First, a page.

Smith's 54 saves against Columbus in his final shutout became an NHL record for most saves in a regulation game.
Vrbata would finish the season with a career high 35 goals, and Ray Whitney, at the age of 39, would put up up the second best point total of his career with 77.
Whitney would also become the quietest member of the 1,000 point club during the season. The wizard Whitney did something only 78 other players in the history of the game had done, nearly unnoticed.
Behind the teams five-game streak to end the season the Coyotes rocketed up the standings, securing not only the number three seed, but also their first division title.
Chicago Blackhawks (45-26-11, Fourth in Central Divsion, Sixth seed)
Don's let the Blackhawks sixth seed fool you.
Chicago was in what is arguably the toughest conference in the NHL. They finished the season with 101 points, which was good enough for only fourth in their division. That point total would have won the Pacific and Southeast Divisions handily.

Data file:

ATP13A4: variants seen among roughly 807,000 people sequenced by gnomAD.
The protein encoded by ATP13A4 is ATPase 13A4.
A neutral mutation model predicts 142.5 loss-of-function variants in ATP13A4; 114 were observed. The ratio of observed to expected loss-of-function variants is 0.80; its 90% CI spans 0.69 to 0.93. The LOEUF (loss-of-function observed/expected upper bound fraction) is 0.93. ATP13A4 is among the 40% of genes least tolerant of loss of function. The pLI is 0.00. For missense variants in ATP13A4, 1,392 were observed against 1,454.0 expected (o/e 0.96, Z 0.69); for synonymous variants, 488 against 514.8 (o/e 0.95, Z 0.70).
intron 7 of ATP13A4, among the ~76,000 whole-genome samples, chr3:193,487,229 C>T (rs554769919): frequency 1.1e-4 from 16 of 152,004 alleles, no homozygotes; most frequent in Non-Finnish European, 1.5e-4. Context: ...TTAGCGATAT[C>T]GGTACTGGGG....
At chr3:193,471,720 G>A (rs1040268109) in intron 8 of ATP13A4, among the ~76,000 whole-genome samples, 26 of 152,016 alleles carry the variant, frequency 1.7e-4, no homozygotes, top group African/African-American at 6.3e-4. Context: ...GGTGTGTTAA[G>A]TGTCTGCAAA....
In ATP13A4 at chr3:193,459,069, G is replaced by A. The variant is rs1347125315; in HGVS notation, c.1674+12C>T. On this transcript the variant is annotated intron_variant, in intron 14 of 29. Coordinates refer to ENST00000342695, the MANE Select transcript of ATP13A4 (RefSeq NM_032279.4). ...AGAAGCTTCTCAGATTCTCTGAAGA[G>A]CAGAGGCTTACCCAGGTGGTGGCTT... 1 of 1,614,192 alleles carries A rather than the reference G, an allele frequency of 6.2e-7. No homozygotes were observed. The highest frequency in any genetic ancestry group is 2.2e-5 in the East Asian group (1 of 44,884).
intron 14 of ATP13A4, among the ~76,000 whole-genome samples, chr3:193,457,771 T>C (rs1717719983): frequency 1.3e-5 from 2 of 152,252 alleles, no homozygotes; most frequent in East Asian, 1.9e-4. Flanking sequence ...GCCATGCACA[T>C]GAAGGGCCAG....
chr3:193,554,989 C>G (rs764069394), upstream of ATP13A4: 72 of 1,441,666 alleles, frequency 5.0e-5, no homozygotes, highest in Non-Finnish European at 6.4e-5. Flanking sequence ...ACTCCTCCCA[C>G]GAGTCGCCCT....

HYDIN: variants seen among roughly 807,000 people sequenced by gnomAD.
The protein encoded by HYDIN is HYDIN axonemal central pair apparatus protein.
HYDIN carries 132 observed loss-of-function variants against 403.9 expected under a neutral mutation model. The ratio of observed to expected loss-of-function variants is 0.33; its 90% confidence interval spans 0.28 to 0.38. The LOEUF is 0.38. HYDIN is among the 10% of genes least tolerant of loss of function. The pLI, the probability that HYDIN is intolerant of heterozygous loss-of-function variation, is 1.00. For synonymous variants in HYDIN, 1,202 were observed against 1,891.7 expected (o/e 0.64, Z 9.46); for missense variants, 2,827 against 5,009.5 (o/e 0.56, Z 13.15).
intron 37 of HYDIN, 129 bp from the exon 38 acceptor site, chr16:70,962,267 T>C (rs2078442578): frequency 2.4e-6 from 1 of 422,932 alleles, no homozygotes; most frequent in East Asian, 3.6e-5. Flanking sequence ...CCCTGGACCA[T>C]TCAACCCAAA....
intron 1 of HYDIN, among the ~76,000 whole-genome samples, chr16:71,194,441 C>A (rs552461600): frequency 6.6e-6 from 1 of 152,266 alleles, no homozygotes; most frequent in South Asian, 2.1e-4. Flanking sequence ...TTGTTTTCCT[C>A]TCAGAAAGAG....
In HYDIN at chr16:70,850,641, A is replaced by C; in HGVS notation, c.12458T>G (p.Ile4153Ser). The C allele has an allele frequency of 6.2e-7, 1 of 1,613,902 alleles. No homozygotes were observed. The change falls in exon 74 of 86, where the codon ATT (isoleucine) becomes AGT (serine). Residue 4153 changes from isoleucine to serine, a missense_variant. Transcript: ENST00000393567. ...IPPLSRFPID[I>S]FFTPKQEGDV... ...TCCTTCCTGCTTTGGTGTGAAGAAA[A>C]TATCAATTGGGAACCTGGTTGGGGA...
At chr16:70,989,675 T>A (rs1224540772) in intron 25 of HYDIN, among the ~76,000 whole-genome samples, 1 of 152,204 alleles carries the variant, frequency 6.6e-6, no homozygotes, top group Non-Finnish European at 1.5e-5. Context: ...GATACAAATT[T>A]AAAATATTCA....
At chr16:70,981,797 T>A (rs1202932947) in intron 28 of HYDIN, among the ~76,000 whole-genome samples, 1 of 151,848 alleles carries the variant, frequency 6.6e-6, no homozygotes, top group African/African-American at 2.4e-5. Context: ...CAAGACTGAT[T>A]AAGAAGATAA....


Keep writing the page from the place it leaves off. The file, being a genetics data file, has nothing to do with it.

The Hawks came into the season with something the Coyotes did not have; expectations.
Marian Hossa, Patrick Kane, Jonathan Toews and Patrick Sharp are all NHL stars. Not just elite players or prospects, but stars. Chicago is comprised of some of the best young talent the NHL has to offer, and they were only one year removed from hoisting the cup over their heads.
However, the Blackhawks had a disappointing end to their 2010-2011 season. After just barely sneaking into the playoffs, the team was knocked out by the Vancouver Canucks in the first round in seven games. Fans in the Windy City wanted banners, not first round knockouts.
The Hawks began the season as one of the Western Conference's power house teams, and sure contenders for the cup. This was all despite one of their key players being in a major rut.